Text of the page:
We applied the PPDS method to the reverse engineering of the gene regulatory network of the cell cycle in Saccharomyces cerevisiae starting from a data set generated from the well-known discrete model suggested by Li et al. [17]. The cell cycle is the process of cell growth and division and consists of four phases. The cell cycle in S. cerevisiae has been extensively studied and about 800 genes are known to participate in the process. It is believed, however, that the number of key regulators is much smaller and, based on an extensive literature review [17] constructed a Boolean network on 11 distinct nodes: Cln3, MBF, SBF, Cln1, 2, Cdh1, Swi5, Cdc20 and Cdc14, Clb5, 6, Sic1, Clb1, 2, Mcm1/SFF. For the network dynamics, a threshold function is assigned to each node in the network according to (2), where a_{
ij
} represents the weight of effect of node j on node i.

(2)

This model captures the known features of the cell cycle dynamics. Furthermore, the trajectory of the known cell cycle sequence is stable and attracting, as its size is 1764 out of the total of 2048 states. The remaining states are distributed into 6 very small trajectories. Each of these trajectories converges to a steady state as well.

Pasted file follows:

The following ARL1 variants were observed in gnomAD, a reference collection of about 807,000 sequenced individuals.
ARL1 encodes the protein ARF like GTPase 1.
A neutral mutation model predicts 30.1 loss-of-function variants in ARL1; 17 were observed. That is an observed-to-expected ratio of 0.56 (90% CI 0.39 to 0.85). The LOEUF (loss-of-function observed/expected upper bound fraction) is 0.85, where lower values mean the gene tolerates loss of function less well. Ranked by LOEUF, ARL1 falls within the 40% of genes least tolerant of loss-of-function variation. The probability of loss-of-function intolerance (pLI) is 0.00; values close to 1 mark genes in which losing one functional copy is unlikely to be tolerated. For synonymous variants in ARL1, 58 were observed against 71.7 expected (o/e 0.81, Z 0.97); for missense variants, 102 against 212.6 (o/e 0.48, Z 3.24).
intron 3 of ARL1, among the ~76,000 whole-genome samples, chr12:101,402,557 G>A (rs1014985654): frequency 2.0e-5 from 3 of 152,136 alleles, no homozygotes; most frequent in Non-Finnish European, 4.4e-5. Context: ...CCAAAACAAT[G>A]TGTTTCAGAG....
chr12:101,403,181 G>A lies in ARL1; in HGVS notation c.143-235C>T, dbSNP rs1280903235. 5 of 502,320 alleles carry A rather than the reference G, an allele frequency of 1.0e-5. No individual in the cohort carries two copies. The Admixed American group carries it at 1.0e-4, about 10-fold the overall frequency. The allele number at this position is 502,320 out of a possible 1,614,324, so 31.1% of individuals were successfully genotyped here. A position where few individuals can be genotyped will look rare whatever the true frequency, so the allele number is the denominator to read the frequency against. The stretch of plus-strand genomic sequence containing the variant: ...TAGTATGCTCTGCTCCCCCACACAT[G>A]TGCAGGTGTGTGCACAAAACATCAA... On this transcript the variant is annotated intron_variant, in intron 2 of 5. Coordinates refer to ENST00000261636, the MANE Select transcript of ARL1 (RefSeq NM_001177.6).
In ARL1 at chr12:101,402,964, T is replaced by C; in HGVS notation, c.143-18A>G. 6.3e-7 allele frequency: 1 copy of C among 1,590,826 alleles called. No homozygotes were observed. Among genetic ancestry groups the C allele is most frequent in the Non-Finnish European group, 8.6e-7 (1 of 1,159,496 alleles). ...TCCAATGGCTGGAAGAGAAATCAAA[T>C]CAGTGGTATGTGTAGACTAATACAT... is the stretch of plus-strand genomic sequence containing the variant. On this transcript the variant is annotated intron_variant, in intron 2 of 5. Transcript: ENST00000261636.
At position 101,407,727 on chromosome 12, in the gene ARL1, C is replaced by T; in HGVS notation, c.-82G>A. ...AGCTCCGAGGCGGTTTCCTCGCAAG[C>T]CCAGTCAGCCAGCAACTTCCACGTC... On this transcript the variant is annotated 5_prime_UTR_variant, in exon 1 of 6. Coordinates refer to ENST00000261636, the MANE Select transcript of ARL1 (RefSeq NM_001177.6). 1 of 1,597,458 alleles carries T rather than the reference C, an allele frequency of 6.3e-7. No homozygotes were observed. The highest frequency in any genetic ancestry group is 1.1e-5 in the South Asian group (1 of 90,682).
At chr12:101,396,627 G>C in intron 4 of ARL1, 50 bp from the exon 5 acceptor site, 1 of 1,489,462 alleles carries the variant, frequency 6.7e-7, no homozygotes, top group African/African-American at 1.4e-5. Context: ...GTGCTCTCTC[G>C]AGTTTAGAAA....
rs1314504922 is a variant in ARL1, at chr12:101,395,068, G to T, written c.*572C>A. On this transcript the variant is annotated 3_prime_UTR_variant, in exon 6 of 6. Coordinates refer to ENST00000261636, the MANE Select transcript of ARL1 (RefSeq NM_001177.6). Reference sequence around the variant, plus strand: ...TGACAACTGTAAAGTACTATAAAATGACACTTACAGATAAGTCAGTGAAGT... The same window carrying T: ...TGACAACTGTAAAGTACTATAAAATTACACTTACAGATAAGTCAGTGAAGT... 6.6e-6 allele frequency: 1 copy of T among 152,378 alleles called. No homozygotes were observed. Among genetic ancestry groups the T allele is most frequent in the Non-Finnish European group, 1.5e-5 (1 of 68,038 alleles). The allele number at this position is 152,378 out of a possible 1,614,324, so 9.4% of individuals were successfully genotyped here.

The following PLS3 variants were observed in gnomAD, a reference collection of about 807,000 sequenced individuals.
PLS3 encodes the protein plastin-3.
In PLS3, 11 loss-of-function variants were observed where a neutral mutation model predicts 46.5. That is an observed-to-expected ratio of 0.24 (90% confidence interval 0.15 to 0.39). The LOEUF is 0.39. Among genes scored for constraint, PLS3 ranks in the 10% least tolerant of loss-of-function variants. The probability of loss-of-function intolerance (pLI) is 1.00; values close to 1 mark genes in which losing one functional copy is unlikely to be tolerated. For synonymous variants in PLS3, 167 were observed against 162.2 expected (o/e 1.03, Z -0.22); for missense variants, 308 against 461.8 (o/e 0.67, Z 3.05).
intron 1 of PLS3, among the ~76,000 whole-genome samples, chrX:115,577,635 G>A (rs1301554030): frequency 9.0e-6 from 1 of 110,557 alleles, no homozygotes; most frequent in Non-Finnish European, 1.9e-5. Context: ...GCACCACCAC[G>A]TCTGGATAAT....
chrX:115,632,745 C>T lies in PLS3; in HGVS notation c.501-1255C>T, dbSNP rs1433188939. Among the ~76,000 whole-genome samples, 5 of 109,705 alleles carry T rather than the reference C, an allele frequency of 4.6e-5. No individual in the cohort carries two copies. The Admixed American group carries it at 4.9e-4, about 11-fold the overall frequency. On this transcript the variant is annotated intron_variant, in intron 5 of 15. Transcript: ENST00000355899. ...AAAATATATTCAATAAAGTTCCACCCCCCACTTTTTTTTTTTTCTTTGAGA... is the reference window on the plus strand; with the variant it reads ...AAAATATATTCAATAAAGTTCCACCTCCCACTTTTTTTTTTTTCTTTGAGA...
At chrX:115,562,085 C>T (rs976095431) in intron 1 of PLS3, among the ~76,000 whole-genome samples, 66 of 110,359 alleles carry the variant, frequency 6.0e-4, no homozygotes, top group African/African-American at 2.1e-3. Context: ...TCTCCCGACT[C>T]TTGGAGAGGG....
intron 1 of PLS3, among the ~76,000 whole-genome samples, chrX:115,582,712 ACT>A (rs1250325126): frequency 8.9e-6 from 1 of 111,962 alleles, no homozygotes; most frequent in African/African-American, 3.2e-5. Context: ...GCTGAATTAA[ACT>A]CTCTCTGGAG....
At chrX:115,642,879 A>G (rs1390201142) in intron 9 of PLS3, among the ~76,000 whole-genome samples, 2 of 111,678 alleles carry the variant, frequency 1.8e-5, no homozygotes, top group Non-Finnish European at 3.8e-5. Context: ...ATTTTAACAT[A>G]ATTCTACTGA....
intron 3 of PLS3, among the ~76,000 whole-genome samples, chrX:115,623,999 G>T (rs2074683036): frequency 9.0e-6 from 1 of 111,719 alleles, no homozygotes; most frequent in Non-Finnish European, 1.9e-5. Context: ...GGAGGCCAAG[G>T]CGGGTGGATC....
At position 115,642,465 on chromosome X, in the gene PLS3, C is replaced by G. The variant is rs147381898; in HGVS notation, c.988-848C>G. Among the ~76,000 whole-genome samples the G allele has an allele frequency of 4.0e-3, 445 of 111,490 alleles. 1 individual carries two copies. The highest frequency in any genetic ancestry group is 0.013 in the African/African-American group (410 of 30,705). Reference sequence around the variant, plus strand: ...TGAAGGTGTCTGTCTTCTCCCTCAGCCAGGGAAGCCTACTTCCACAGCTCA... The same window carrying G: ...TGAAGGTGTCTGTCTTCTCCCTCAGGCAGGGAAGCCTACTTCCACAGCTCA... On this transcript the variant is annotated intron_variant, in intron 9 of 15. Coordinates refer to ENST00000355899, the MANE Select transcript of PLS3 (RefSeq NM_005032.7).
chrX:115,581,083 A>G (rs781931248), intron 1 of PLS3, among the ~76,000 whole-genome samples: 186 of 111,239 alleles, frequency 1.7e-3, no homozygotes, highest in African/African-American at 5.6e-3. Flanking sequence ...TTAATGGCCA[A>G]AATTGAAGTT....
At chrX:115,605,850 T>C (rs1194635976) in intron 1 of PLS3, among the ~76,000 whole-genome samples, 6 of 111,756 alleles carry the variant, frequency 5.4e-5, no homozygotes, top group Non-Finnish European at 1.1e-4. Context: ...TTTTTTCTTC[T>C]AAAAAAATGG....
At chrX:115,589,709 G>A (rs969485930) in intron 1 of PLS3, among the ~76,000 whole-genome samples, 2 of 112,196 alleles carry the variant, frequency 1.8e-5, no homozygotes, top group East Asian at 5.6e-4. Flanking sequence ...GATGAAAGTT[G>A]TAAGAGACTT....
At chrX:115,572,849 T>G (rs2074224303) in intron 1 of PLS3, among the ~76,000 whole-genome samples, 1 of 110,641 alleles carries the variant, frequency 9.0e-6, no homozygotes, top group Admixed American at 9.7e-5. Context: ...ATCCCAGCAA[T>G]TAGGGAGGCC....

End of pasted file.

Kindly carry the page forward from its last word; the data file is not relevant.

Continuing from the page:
We used as input to our Algorithm 3.1 54 input-output transitions, four of which are steady states (see Table 1). Our reverse engineering algorithm generated the PPDS (6). The state space of this system consists of 14 connected components, where each component ends in a steady state. The built-in four steady states belong to components of sizes very close to those of the original system. In addition, the other three steady states in the original system were also recovered. These results are summarized in Table 2. The seven steady states of our model, which are not in the original system, with one exception belong to very small components (less than 30 points).

Table 1

The 54 state transitions used for generating the PPDS model (6), each represented by a pair of input-output states

Cln3

MBF

SBF

Cln1, 2

Cdh1

Swi5

Cdc20 and Cdc 14

Clb5, 6

Sic1

Clb1, 2

Mcm1/SFF

Cln3

MBF

SBF

Cln1, 2

Cdh1

Swi5

Cdc20 and Cdc14

Clb5, 6

Sic1

Clb1, 2

Mcm1/SFF

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0

0

0

0

1

0

0

0

0

0

1

0

0

1

0

0

1

0

0

0

0

0

0

0

0

0

0

0

0

0

0

0

0

0

0

1

0

0

0

1

0

0

0

1

0

0

0

0

0

1

0

0